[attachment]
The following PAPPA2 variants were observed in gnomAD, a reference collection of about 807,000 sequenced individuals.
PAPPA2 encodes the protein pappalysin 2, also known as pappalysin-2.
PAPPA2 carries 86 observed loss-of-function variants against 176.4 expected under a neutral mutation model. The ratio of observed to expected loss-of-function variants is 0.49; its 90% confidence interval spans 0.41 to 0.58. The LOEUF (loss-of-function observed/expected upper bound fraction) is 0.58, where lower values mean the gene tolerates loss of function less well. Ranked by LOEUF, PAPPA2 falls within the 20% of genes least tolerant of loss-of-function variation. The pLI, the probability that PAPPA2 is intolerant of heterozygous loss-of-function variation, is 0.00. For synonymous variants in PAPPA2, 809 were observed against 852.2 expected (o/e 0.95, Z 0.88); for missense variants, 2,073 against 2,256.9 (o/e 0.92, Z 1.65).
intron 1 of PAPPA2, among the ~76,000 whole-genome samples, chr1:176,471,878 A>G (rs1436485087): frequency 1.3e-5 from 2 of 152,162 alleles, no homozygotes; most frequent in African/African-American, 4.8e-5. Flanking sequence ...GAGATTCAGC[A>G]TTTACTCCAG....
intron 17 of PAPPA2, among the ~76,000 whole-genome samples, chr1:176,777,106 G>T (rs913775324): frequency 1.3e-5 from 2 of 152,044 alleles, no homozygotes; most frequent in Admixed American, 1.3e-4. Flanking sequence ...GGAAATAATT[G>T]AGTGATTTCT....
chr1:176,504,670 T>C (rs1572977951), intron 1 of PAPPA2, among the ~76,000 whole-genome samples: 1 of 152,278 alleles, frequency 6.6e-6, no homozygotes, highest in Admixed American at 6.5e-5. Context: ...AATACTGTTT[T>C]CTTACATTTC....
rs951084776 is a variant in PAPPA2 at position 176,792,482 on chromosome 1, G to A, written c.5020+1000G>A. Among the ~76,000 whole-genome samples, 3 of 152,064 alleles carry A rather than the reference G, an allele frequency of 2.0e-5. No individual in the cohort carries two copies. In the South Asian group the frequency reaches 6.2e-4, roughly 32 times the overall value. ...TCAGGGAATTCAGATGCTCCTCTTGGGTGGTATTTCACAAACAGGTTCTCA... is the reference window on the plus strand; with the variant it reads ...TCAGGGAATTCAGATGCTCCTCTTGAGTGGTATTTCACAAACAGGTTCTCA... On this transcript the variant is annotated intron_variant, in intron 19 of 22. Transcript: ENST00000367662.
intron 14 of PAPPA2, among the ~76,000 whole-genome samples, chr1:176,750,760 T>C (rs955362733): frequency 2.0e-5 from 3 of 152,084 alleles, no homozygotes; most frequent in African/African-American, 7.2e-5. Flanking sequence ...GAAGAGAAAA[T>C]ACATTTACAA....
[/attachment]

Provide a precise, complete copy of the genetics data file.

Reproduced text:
The following PAPPA2 variants were observed in gnomAD, a reference collection of about 807,000 sequenced individuals.
PAPPA2 encodes the protein pappalysin 2, also known as pappalysin-2.
PAPPA2 carries 86 observed loss-of-function variants against 176.4 expected under a neutral mutation model. The ratio of observed to expected loss-of-function variants is 0.49; its 90% confidence interval spans 0.41 to 0.58. The LOEUF (loss-of-function observed/expected upper bound fraction) is 0.58, where lower values mean the gene tolerates loss of function less well. Ranked by LOEUF, PAPPA2 falls within the 20% of genes least tolerant of loss-of-function variation. The pLI, the probability that PAPPA2 is intolerant of heterozygous loss-of-function variation, is 0.00. For synonymous variants in PAPPA2, 809 were observed against 852.2 expected (o/e 0.95, Z 0.88); for missense variants, 2,073 against 2,256.9 (o/e 0.92, Z 1.65).
intron 1 of PAPPA2, among the ~76,000 whole-genome samples, chr1:176,471,878 A>G (rs1436485087): frequency 1.3e-5 from 2 of 152,162 alleles, no homozygotes; most frequent in African/African-American, 4.8e-5. Flanking sequence ...GAGATTCAGC[A>G]TTTACTCCAG....
intron 17 of PAPPA2, among the ~76,000 whole-genome samples, chr1:176,777,106 G>T (rs913775324): frequency 1.3e-5 from 2 of 152,044 alleles, no homozygotes; most frequent in Admixed American, 1.3e-4. Flanking sequence ...GGAAATAATT[G>T]AGTGATTTCT....
chr1:176,504,670 T>C (rs1572977951), intron 1 of PAPPA2, among the ~76,000 whole-genome samples: 1 of 152,278 alleles, frequency 6.6e-6, no homozygotes, highest in Admixed American at 6.5e-5. Context: ...AATACTGTTT[T>C]CTTACATTTC....
rs951084776 is a variant in PAPPA2 at position 176,792,482 on chromosome 1, G to A, written c.5020+1000G>A. Among the ~76,000 whole-genome samples, 3 of 152,064 alleles carry A rather than the reference G, an allele frequency of 2.0e-5. No individual in the cohort carries two copies. In the South Asian group the frequency reaches 6.2e-4, roughly 32 times the overall value. ...TCAGGGAATTCAGATGCTCCTCTTGGGTGGTATTTCACAAACAGGTTCTCA... is the reference window on the plus strand; with the variant it reads ...TCAGGGAATTCAGATGCTCCTCTTGAGTGGTATTTCACAAACAGGTTCTCA... On this transcript the variant is annotated intron_variant, in intron 19 of 22. Transcript: ENST00000367662.
intron 14 of PAPPA2, among the ~76,000 whole-genome samples, chr1:176,750,760 T>C (rs955362733): frequency 2.0e-5 from 3 of 152,084 alleles, no homozygotes; most frequent in African/African-American, 7.2e-5. Flanking sequence ...GAAGAGAAAA[T>C]ACATTTACAA....